Codrescu's literature explores other language tensions as well. One is the incongruity between an imaginative poetic idiom and the debased "T.V. vernacular" of present-day culture (a theme provocatively addressed in his N. P. R. commentaries—recently collected in A Craving for Swan). Another is the tension inherent in all languages between signifiers and signifieds, those "breches" and "decalages du sens" that interested also the early surrealists. Without overstating the poet's capacity to bridge all these gaps, Codrescu still imagines (pace Derrida) a way back to the redeeming roots of language. Consider this splendid passage from his recent "Dear Masoch" (Comrade Past & Mister Present 7):

… No chilly languages, no translations
from chilly texts. No translators catching colds
from opening windows between languages, no
only real stammerings, true hollows where the tongues
stand in their cases heavy with the awkward honey
of the first spoken, the as-yet-unsaid….

The most perplexing gap, however, remains that between language and self, mask and identity, voice and silence. In Craving for Swan (39), Codrescu ironizes the exorcism of silence that goes on in this country: people drowning their anxieties in the drone of TVs or the noise of their own "voices that have taken on the eeriness of speaking machines." Yet he is equally suspicious of the postmodern celebration of silence, absence and self-cancellation. Today.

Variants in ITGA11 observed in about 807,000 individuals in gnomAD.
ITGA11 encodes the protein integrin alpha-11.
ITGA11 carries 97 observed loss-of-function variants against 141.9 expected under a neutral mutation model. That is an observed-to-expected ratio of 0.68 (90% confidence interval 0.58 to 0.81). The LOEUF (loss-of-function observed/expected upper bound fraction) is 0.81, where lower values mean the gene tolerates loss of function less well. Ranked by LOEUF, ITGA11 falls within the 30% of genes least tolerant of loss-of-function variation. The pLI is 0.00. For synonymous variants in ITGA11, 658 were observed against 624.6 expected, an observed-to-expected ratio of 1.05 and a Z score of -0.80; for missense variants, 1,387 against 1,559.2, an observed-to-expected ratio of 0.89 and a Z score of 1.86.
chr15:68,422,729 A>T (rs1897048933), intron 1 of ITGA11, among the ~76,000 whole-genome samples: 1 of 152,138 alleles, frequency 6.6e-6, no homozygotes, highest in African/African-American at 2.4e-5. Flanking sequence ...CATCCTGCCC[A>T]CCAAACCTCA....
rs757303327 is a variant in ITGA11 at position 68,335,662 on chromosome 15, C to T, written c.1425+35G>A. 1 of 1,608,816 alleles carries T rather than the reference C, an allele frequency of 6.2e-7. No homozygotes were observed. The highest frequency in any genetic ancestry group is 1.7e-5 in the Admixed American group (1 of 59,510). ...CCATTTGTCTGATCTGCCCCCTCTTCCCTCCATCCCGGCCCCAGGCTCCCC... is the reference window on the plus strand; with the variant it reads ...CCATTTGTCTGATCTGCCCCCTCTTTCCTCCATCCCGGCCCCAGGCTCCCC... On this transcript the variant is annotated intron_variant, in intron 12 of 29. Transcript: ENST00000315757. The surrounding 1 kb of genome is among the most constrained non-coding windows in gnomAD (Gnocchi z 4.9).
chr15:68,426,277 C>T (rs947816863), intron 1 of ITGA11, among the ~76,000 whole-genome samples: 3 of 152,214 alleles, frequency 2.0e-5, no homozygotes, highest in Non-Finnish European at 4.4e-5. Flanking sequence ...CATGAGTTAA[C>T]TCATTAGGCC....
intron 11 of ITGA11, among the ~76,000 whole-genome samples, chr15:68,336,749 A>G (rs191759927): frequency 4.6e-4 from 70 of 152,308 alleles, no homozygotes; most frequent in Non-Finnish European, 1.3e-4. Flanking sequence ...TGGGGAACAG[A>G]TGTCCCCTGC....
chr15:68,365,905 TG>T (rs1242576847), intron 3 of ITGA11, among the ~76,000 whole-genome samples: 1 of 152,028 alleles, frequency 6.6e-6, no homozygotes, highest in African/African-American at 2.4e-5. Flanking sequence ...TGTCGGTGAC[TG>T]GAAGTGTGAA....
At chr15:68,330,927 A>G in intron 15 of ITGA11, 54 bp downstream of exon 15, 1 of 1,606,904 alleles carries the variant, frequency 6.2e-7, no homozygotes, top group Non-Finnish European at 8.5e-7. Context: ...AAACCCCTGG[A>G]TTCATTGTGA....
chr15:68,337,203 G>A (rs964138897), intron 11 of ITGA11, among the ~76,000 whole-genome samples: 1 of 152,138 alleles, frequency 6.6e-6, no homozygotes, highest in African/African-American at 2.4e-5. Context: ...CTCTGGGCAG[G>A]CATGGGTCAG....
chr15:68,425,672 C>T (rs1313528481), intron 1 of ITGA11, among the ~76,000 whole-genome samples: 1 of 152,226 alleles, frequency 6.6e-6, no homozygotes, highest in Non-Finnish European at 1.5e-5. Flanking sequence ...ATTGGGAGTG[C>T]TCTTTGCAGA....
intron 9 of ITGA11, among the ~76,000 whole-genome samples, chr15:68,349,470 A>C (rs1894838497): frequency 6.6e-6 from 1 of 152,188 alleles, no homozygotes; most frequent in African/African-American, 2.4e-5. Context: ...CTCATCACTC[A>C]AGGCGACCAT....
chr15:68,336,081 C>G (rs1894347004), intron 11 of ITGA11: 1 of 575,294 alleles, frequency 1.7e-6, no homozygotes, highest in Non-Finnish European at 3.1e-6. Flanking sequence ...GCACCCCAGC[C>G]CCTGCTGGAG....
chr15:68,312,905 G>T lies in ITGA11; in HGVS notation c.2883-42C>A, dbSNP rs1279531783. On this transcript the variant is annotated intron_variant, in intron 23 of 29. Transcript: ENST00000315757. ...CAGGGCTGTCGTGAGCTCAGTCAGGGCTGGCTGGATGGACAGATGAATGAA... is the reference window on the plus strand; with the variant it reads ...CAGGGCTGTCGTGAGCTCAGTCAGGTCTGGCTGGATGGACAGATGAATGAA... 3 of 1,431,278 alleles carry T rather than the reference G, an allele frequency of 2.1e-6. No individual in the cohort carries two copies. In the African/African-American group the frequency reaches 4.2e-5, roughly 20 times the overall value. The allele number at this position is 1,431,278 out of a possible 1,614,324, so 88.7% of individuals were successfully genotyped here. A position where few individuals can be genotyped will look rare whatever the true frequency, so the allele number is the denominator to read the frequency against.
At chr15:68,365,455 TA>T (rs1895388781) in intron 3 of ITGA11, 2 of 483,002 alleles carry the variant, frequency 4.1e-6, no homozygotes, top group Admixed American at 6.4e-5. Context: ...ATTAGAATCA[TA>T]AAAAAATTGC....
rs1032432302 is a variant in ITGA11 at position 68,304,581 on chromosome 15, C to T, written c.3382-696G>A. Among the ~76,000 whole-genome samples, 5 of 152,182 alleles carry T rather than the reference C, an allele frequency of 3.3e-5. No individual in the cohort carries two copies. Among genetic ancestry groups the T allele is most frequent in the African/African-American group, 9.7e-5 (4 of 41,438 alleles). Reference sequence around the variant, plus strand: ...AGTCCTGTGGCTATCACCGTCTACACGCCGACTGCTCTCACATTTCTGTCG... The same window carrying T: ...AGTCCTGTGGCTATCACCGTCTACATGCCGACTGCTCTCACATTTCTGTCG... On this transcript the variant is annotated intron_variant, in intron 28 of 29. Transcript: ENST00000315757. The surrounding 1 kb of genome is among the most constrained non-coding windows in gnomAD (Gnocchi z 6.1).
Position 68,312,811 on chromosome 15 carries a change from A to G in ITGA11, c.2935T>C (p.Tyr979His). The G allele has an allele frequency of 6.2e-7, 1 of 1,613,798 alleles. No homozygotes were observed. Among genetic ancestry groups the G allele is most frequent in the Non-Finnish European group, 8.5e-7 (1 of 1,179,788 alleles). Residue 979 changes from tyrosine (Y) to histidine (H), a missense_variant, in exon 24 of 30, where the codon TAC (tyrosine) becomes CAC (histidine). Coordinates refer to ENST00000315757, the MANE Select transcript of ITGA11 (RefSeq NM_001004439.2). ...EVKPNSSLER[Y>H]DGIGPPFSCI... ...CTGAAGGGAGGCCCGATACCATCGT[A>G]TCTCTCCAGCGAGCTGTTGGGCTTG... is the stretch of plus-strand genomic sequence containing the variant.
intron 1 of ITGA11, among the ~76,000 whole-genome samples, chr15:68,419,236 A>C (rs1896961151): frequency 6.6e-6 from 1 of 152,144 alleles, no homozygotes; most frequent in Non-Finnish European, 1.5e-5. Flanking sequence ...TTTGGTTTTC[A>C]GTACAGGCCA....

in psychoanalysis and other therapies, people pay for what
they are missing, but not in order to recover it, only to be
confirmed in their lack, to be reassured of the normality of
absence, of the utter popularity of the abyss, the sanctioned
nothingness, the triviality of...

(The entire section is 6165 words.)

John Krich (review date 10 January 1988)

SOURCE: "Premises as Pretense," in The New York Times Book Review, January 10, 1988, p. 17.

[In the following review, Krich gives mixed reviews of Monsieur Teste in America and Other Instances of Realism. He lauds Codrescu's mastery of American idiom, but faults his overuse of simile.]

"America can be taken for granted," counsels Andrei Codrescu near the outset of his latest prose flight. "The obvious is very serious about itself here." The point can hardly be argued in a country where morning papers carry headlines like "Study Reveals Unreality May Be Good for You." It is with healthy doses of such medicine that the Romanian-born poet seeks to treat his adopted...

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Stuart Klawans (review date 28 May 1988)

SOURCE: "Embarrassed Palefaces," in The Nation, Vol. 246, No. 21, May 28, 1988, pp. 756-60, 62.

[In the following review, Klawans criticizes the works featured in American Poetry Since 1970: Up Late for their unworldliness and absence of emotion, although he notes their wit and clever observation.]